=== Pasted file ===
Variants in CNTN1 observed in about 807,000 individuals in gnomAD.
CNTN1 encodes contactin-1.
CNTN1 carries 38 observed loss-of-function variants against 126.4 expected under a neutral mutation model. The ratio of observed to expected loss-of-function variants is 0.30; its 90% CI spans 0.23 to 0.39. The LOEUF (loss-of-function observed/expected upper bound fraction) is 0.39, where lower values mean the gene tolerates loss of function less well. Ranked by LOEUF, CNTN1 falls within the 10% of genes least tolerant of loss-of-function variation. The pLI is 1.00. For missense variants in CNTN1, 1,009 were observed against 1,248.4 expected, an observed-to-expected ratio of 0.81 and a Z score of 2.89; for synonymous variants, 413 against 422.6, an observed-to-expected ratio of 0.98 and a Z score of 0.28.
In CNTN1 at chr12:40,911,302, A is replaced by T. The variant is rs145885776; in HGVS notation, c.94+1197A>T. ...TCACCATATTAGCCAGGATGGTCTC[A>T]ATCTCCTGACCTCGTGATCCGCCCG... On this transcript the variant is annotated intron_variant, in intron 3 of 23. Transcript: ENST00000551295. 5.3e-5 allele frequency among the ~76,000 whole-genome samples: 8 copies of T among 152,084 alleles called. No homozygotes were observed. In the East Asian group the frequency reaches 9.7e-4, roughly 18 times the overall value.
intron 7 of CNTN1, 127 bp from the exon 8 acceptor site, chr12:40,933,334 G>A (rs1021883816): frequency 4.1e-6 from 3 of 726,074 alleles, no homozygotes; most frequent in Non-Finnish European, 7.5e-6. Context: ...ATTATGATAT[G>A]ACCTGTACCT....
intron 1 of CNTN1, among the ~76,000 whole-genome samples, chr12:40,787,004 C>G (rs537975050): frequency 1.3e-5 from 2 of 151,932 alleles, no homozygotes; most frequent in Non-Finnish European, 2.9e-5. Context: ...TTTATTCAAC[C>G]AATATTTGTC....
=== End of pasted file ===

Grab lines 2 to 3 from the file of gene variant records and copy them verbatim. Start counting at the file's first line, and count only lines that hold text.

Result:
CNTN1 encodes contactin-1.
CNTN1 carries 38 observed loss-of-function variants against 126.4 expected under a neutral mutation model. The ratio of observed to expected loss-of-function variants is 0.30; its 90% CI spans 0.23 to 0.39. The LOEUF (loss-of-function observed/expected upper bound fraction) is 0.39, where lower values mean the gene tolerates loss of function less well. Ranked by LOEUF, CNTN1 falls within the 10% of genes least tolerant of loss-of-function variation. The pLI is 1.00. For missense variants in CNTN1, 1,009 were observed against 1,248.4 expected, an observed-to-expected ratio of 0.81 and a Z score of 2.89; for synonymous variants, 413 against 422.6, an observed-to-expected ratio of 0.98 and a Z score of 0.28.